Imagine a machine with all of its integral inner parts working together for optimal functioning. Visualize cogs and wheels, pins and rotors, belts and cylinders all tasked with their own role in some massive machine yet all interdependent upon the other. If one area is malfunctioning, no matter how small, there is a ripple effect with all of the other parts and the machine does not operate as smoothly as it could. Depending upon the problem, the area of malfunction can result in a major bogging down in operations or only amount to a little hiccup in the system.
The same can be said for the operation of a school. The administrator, as the instructional leader, is the one responsible for being aware of the status of all of the components that make up a system that is expected to run at peak performance. In this age of accountability, stakeholders expect nothing less.
Another visual I have when comparing the operation of a school and the vigilance it requires to know what is going on, draws from my childhood. Every weekend we watched the Ed Sullivan Show and from time to time he would have a special guest who brought with him several poles and dishes. One dish would go on top of each anchored pole and the guest would begin to spin the dishes simultaneously. By the time he got them all going, there were several dishes on poles in all directions around him, spinning at once. His job was to take a pro-active stance, being aware of what dishes were spinning smoothly and which ones were beginning to wobble. He then would quickly intervene and get all of them spinning again. A principal has the same role and needs to be cognizant of what “dishes” in the school are wobbling and intervene before any fall. Early intervention makes the difference.
This awareness and involvement doesn’t happen by being sequestered in an office. Visibility is key and conversations with custodians, cafeteria workers, bus drivers, parents, students, paraprofessionals, special education staff members, specialists and teachers are a must.
When it comes to knowing what is going on in the classrooms, frequent informal observations and daily walkthroughs tell a better story than the well-rehearsed, planned-for, expected visit. Depending on the size of your school, jot on your calendar which rooms you plan to visit doing informal observations each day. This makes it more of a commitment to see it in writing. Choose a realistic number balancing it with everything else that’s on your plate (no pun intended!).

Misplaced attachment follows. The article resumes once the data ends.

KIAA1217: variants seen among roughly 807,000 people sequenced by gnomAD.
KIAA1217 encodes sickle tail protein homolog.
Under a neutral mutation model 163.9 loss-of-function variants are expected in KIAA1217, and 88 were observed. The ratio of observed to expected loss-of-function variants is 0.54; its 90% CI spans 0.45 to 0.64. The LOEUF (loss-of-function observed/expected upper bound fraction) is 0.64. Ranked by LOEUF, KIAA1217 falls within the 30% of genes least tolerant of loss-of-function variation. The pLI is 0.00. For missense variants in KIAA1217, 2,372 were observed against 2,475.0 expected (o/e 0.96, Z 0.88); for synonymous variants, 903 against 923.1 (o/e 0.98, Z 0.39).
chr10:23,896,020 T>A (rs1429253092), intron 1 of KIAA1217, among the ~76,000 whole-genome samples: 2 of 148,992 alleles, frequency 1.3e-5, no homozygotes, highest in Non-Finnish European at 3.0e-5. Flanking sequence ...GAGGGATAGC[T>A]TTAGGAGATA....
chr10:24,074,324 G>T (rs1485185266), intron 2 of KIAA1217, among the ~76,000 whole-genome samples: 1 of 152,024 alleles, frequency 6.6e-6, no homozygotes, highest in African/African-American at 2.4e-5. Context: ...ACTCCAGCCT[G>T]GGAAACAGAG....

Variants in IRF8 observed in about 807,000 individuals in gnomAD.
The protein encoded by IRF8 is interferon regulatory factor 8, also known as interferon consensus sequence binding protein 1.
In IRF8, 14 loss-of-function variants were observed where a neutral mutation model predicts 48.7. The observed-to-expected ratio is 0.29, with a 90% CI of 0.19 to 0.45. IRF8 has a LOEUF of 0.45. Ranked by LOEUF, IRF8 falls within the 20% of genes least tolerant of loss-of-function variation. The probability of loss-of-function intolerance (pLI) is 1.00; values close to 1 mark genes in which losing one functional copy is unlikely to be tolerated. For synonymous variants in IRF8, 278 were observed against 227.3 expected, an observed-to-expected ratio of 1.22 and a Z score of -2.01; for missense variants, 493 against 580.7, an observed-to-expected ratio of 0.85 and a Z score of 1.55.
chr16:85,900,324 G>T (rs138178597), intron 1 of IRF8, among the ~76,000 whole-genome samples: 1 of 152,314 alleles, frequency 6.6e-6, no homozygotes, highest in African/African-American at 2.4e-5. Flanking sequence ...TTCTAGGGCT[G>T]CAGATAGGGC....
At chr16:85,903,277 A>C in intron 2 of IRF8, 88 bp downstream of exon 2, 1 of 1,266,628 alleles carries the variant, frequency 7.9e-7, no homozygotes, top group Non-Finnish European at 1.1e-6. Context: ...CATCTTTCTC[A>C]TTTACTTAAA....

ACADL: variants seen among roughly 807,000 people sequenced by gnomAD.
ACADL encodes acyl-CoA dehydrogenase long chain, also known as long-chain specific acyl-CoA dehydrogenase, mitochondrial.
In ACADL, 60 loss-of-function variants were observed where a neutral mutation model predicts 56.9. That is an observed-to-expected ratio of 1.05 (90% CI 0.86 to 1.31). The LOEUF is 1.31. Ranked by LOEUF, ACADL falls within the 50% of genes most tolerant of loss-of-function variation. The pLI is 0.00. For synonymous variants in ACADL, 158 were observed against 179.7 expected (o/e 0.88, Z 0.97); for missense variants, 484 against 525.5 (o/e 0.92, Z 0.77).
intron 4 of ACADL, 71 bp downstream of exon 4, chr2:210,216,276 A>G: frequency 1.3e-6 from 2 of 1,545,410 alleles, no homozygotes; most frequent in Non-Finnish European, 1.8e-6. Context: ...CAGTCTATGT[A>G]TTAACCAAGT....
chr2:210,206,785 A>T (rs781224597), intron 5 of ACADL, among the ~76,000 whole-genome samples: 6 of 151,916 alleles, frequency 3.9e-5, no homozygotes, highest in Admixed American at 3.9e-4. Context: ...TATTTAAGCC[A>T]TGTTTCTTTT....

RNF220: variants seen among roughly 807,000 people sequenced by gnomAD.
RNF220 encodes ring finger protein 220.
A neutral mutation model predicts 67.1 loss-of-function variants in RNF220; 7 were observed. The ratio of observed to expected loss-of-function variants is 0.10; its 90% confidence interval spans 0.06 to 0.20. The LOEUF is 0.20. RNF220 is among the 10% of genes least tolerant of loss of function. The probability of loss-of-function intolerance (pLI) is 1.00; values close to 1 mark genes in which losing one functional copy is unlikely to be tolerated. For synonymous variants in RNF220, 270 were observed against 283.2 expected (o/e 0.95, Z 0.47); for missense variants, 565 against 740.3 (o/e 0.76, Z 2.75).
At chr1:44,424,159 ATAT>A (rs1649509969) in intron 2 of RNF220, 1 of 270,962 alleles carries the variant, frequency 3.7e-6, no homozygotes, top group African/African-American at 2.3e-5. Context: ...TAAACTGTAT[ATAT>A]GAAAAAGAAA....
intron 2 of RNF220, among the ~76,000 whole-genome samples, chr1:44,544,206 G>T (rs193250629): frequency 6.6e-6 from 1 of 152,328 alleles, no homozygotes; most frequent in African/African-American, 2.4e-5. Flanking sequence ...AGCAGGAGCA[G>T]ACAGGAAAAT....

Informal observations, along with walkthroughs in all classrooms, need not last a whole class period to give you an idea of what is going on. When you do this frequently enough, everyone begins to relax and a classroom visit from you no longer will result in the gasps and “town crier” announcements by some students just because you walked into the room.
Another advantage to informal visits is that you will have more information at your fingertips should a parent call with a concern. How reassuring to hear that you are on top of things, having visited that classroom just recently. And don’t think that the students won’t go home and talk about how you came in to visit. Expect to be the topic at the dinner table when kids are sharing about their day.
A quick comment form that can be used follows. This can be kept for your records and will help you spot trends. If frequent visits find the same inferior quality of instruction or continual discipline problems in the same classroom, you have just found a wobbling dish that sooner or later will hit the floor.
While you may keep the form for your eyes only (your choice), try to come up with at least one positive thing to write on a note and put it in the teacher’s mailbox for them to find later in the day. Everyone loves to hear good things and they will look forward to your next informal visit and the positive comments that will follow.